Alas, here we are. The Penguins won last year’s match-up in 6 games, despite Evgeni Malkin not playing and Sidney Crosby not recording a single goal in the series. This year’s Pens team is pretty much the same as last year’s, though they are without the services of Kris Letang this year, and after him, their defensive corps are pretty weak. Marc-Andre Fleury has played admirably thus far, but Matt Murray is likely the better performer in net, and the difference between the two may not have been felt against Columbus, but Washington may reveal it (if Murray can’t go).
This series is definitely the hardest to predict, and will almost certainly be the most entertaining of the entire playoffs, but I think I’m settling on the Capitals in 7. The only surprising outcome of this series is if it doesn’t reach at least a sixth game.
St. Louis Blues (C3) vs. Nashville Predators (WC2)
Ah yes, the rare road-team-in-previous-round-becomes-home-team-in-following-round series — that’s a mouthful. But yes, St. Louis was the road team in the First Round and will be the host of the Predators in the Second Round. Such is life in this playoff format.
But anyway, the Predators looked fantastic against the Blackhawks, and Pekka Rinne looked like his old self again. He was their biggest question mark coming into the postseason and responded by putting an exclamation mark on Nashville’s sweep with two shutouts. The Blues are also riding the hell out of a goalie playing way above his head. Jake Allen has been on a tear since Mike Yeo took over, and that hot play stymied the Wild.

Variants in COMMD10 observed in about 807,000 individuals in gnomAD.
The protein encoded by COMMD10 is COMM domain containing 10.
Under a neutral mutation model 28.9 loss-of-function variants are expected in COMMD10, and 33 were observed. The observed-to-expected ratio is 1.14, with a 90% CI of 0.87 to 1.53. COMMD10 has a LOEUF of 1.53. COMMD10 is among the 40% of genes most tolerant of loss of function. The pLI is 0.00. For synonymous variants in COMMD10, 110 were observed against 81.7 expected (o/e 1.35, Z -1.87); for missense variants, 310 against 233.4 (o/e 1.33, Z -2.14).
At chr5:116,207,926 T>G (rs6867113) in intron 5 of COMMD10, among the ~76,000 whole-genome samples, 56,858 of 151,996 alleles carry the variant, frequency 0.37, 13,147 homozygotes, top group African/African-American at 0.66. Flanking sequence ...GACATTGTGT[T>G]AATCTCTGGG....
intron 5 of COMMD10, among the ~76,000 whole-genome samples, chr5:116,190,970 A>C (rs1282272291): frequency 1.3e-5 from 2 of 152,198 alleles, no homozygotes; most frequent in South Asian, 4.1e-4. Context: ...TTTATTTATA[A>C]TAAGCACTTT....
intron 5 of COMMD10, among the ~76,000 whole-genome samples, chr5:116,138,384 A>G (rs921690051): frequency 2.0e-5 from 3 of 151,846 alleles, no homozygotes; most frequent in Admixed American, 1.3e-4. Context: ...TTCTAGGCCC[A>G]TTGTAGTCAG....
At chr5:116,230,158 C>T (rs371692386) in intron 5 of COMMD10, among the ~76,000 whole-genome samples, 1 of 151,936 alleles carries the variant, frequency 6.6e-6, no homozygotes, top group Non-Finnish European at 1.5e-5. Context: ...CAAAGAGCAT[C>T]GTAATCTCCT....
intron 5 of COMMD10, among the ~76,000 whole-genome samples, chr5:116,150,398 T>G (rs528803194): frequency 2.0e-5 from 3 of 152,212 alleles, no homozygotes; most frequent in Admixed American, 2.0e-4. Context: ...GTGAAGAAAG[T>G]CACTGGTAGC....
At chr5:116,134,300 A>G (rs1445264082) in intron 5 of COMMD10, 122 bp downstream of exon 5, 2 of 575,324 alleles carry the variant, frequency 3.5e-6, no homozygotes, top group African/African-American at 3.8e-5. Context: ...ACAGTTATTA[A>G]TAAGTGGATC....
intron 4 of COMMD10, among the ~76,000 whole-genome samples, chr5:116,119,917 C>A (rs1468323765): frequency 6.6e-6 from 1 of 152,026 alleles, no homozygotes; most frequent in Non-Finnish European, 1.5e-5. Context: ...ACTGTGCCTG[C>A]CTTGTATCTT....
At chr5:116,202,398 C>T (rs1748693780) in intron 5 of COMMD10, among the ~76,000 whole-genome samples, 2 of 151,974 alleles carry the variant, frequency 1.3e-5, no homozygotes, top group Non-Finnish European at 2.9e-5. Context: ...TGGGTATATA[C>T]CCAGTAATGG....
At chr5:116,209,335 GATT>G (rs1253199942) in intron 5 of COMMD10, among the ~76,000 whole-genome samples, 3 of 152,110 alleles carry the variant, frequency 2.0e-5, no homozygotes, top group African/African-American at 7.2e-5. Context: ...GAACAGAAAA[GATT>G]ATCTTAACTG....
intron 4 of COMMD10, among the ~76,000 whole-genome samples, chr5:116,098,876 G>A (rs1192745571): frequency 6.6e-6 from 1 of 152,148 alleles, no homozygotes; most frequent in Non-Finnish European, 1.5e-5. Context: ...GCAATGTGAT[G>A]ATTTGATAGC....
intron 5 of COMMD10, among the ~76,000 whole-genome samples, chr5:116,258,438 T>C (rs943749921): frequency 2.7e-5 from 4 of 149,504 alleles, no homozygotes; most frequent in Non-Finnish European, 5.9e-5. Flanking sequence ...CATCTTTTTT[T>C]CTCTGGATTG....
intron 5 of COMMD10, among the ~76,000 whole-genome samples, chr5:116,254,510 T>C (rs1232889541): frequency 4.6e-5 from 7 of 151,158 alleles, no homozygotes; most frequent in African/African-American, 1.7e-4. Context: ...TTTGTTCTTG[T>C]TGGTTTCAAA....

That being said, the Predators likely would have won their series even with average goaltending. They were that good. The Blues, on the other hand, relied very heavily on the goaltending of Allen, and had they not gotten that level of play from him, Minnesota probably would have won another game or two — who knows, perhaps we’re even sitting here debating Minnesota’s chances against Nashville instead of St. Louis’. I don’t think the Preds get the sweep again, but I do think they are ultimately victorious. I say Nashville in 6.
Anaheim Ducks (P1) vs. Edmonton Oilers (P2)
I gotta say, I have absolutely no idea how a Randy Carlyle-led team managed to pull of a four-game sweep. He actively hurts which ever team is under his eye. I sincerely thought we were gonna have ourselves a Battle of Alberta. Instead, we have a Battle of Cultural Futility in Anaheim and Edmonton.
These two squads have plenty of high-end star-level talent to offer on both sides. The Ducks still have Corey Perry and Ryan Getzlaf, who, even at their ages, are still constant threats on the ice, and the Oilers of course have Connor McDavid. Anaheim’s defense is also quite excellent, though Carlyle has a lot of options from which to choose to dress on the back end, and he’s been known to defer to grit and veteran leadership in the past, and might very well shoot himself in the foot. Edmonton is very much lacking in depth both up front and on defense, and the Ducks’ depth could be what helps them advance.
But, the Oilers also have Cam Talbot, who has revealed himself as a truly elite goaltender since breaking out with the Rangers a couple seasons prior. The Oilers’ process also significantly improved toward the end of the season, with head coach Todd McLellan properly utilizing the talent he was given. This is another close call, but I’ll stick with my bracket and pick the Oilers in 7 games.